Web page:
This recommendation underscores that the federal government is growing increasingly concerned by statistics that show cell phones are killing people in massive numbers. What would have been more impressive is asking for a ban on cell phones for drivers. Period. But regardless of the death toll, that is not in the political cards, at least not now.

The Colorado Supreme Court has upheld a $10 million verdict awarded to a truck driver who slipped and fell on grease while making a delivery to Walmart, resulting in a back injury requiring multiple spinal surgeries.

The Colorado Supreme Court reversed a lower court’s determination that Wal-Mart Stores Inc. was entitled to a new trial. The female truck driver incurred approximately $500,000 in medical bills, and was unable to return to work after the fall. As such, her truck, in which she also lived, was repossessed.

The award, originally $15 million, was reduced by $5 million due to the state’s cap on noneconomic damages, making this one of the highest judgments ever in a slip-and-fall case.

A wrongful death suit has been filed in Utah, stemming from a horrific boating accident.

The facts here are rather unbelievable. The suit contends that the driver of a boat negligently struck the decedent while she was swimming, causing critical injuries, as the propeller “tore” into her torso and lower abdomen. It gets worse from here. According to witnesses, after striking the swimmer, the boat turned around and the boat’s occupants were overheard calling to the woman. They were heard yelling, “Hey lady, are you all right?” The witnesses said that the defendants talked to the decedent, but did not offer aide and left the scene, leaving her in the water bleeding and severely injured.

In addition to five John Does, three men were named in the suit, claiming that the men failed their “duty” to use “reasonable care” to avoid an accident. The suit further claims that the power boat was operated in a negligent and reckless manner. The driver and at least one other occupant had smoked marijuana prior to the accident, and at least three of the occupants had been drinking alcohol.

According to the National Safety Council, a person’s risk of dying in a motor vehicle accident is 1 in 88. The risk of being killed by lightning is roughly 1 in 84,000. The risk of being killed in a fireworks discharge is about 1 in 386,000.

A tow truck driver was struck and killed this morning by a hit-and-run driver on Route 100 in Glen Burnie during rush hour. He got killed near where I work. He lives in the same town I do.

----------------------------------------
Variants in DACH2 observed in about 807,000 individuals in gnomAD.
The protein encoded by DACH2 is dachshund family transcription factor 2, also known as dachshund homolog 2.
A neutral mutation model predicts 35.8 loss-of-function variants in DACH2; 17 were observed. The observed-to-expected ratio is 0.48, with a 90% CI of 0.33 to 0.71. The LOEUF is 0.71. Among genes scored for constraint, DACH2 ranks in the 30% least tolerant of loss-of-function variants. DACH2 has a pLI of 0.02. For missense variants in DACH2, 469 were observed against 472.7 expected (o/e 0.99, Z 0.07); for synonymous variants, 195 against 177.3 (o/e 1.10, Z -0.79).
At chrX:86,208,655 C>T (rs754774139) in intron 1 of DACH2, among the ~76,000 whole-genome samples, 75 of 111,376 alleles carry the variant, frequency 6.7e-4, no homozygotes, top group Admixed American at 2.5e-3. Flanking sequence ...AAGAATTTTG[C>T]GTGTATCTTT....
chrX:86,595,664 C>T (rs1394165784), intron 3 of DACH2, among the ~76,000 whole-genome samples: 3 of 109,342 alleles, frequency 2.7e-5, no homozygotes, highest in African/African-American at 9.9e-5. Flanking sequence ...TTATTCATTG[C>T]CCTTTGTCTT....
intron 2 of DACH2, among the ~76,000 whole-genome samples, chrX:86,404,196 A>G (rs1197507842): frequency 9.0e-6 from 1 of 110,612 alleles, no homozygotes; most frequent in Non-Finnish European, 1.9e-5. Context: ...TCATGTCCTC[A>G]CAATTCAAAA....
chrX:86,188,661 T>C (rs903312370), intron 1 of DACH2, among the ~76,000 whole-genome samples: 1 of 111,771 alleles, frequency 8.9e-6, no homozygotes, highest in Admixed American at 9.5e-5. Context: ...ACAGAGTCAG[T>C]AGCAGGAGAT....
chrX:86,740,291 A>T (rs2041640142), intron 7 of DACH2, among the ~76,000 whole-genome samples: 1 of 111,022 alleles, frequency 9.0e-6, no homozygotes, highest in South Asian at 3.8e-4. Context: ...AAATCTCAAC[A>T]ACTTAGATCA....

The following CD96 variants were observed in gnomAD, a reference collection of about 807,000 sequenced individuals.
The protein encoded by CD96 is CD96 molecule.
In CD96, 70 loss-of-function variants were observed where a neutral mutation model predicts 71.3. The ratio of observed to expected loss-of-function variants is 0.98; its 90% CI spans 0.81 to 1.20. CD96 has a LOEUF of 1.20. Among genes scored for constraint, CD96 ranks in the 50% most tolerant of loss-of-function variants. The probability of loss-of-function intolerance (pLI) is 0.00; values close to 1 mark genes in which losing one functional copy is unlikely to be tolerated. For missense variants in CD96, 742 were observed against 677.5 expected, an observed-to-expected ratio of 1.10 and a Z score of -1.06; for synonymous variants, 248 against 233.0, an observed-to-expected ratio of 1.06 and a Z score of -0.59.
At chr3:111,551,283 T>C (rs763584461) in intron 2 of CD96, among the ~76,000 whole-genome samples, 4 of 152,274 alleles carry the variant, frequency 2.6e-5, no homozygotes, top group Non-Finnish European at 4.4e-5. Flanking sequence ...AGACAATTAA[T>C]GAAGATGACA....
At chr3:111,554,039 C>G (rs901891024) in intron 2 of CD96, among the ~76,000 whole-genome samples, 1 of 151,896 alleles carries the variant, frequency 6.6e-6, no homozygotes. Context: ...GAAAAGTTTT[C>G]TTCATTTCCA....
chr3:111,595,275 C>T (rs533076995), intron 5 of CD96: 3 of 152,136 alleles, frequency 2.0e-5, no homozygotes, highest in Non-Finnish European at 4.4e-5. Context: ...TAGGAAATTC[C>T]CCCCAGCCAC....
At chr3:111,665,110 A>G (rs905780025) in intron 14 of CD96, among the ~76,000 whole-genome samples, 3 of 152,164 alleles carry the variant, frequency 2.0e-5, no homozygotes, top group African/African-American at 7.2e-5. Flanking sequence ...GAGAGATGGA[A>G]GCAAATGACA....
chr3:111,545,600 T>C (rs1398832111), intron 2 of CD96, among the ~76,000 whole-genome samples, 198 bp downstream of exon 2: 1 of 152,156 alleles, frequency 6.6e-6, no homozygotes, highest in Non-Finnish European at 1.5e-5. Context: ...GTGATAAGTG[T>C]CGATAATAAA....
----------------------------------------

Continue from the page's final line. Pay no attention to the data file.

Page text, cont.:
Certainly, there is a desire for all of us to sigh a bit of relief and say, “Okay, I would not be helping a sewage truck on the side of the road. That couldn’t have been me.” But have you ever been pulled over on the side of the road. Of course you have. This could have happened to you, me or any one of us.

The next step is to find creative ways to blame the victim. Why was he so close to the road? Shouldn’t he have seen it coming? We all have this attribution bias, to varying extents. When you peel that away, what you have is a poor guy who was probably trying to feed his family and while doing so died for no good reason.

The Baltimore Sun reports today on the tragic death of a Glen Burnie man who died after a car accident with an SUV being driven by an unsupervised teenager on a learner’s permit. Apparently the at-fault driver, a nineteen year old who lived in Millersville, was driving on her learner’s permit with another 19 year-old.

This is the 19th fatal car accident in Anne Arundel County this year. Not every story gets a lot of attention. The angle the media is taking on this one is that the supervising driver was not old enough.

Easy narrative but I doubt it would have made a difference here. Police said they had no evidence that drugs, alcohol or speeding contributed to the crash. Some people just don’t pay attention to where they are going. When this happens, people can die. If my mother and her spotless 50 year driving record had been in the car seat next to this young girl, I doubt it would have made much of a difference. The scary reality is what happened to this man could have happened to your kids or mine if they were in the same place at the same time in Crofton as this man tragically was on Sunday.